Introduction to the Romano-Jewish world
The events of the New Testament occurred against the backdrop of the Roman Empire. Under Herod the Great, Palestine was an independent ally of Rome, but after his son Archelaus was removed in 6AD, Judaea became an integral part of the Roman Empire.
The New Testament refers to at least five Roman emperors, though not all are named. Although Judaea had a considerable degree of autonomy, Jewish religious leaders were appointed by the Romans and acted as civil administrators, working largely in co-operation with the Roman governor.
Roman shops beside the Forum, Antioch in Pisidia
While Hebrew was the religious language of the Jews and most of the population of Palestine spoke Aramaic, the New Testament was written in Greek, the universal language of the Roman Empire. As a result, the words spoken by Jesus that we read in the New Testament have usually been translated two or three times – from Aramaic into Greek and then into English or another language. Sometimes we lose the original meaning in translation. For instance, the Greek word 'kataluma' often translated 'inn' in the nativity story in Luke 2:7 really means a 'guest room' inside a Jewish house.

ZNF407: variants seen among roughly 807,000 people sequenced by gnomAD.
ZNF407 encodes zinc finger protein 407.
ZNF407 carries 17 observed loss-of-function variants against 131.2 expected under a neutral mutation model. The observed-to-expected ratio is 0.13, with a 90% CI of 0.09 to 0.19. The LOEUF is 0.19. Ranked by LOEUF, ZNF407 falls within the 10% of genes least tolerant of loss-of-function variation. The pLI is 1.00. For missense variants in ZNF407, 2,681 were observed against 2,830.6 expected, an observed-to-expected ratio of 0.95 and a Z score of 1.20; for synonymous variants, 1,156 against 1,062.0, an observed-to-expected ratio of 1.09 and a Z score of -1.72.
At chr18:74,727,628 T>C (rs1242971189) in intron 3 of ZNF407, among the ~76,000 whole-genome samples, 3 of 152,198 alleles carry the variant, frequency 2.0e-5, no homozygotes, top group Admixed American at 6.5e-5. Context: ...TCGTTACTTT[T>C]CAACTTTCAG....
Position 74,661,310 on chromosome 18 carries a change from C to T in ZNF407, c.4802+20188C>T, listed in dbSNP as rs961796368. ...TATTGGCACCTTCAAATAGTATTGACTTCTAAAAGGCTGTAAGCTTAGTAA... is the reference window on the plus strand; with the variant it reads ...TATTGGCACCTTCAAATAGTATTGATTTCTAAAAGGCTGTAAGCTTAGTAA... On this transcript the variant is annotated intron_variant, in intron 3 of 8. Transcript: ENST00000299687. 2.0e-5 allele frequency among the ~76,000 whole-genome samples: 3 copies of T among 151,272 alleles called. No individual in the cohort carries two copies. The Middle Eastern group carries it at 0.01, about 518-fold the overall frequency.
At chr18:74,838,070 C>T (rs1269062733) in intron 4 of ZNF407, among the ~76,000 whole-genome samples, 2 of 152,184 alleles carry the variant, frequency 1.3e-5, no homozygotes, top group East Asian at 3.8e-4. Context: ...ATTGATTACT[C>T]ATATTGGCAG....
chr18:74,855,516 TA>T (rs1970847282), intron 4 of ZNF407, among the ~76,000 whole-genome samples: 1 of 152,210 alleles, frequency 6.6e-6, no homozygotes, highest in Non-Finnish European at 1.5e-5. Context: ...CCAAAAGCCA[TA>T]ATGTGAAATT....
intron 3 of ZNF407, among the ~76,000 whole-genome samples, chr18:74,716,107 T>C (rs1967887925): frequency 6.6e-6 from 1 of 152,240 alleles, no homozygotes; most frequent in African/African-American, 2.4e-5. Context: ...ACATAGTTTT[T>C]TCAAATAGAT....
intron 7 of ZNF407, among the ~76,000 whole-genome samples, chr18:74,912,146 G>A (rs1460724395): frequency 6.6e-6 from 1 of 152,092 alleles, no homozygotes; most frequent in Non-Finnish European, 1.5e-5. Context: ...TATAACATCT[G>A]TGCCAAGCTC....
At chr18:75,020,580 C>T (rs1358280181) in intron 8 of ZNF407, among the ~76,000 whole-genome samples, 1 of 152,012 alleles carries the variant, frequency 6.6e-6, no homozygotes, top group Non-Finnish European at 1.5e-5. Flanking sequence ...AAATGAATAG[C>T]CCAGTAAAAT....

In the bilingual world of Roman Palestine, most Jews had two names – a Hebrew name used within the Jewish community and a Greek name used in Roman circles. Paul, for instance, was a Roman citizen with a Hebrew name - Saul - and a Greek name - Paul. As the Jews were subject to Roman civil laws and Jewish religious laws, they used Roman currency for commercial transactions, but Jewish currency for religious purposes.
Jewish opposition to Roman rule grew steadily during the time of the New Testament. The imposition of Roman taxation in 6AD sparked a revolt under Judas the Galilean. In the ensuing years, many nationalist ‘bandits’ attacked Roman targets and Jewish ‘sicarii’ and ‘zealots’ stirred up increasing unrest, culminating in the outbreak of the Romano-Jewish War in 66AD. One of Jesus's close circle of followers - Simon - was a 'zealot' (see Mark 3:18). The resulting widespread persecution of Jews across the Roman Empire was followed by the destruction of the Temple in Jerusalem in 70AD.
The Temple Mount, Jerusalem
Christian believers suffered persecution at the hands of the Romans until Constantine became the first Christian Emperor in 312AD. In 326AD, Constantine sent his mother, the dowager Empress Helena, to Palestine to search for the sites of the main events in the life of Jesus Christ. As a result, she built churches on what fourth century Christians believed to be the site of Jesus’s birth in Bethlehem, his death and resurrection in Jerusalem, and his ascension to heaven from the Mount of Olives.
Constantine presided at the first worldwide Council of Christian bishops in Nicaea in 325AD. This was followed by subsequent councils in Constantinople (381AD), Ephesus (431 & 449AD), Chalcedon (451AD), Constantinople (553 & 680AD) and Nicaea (787AD).
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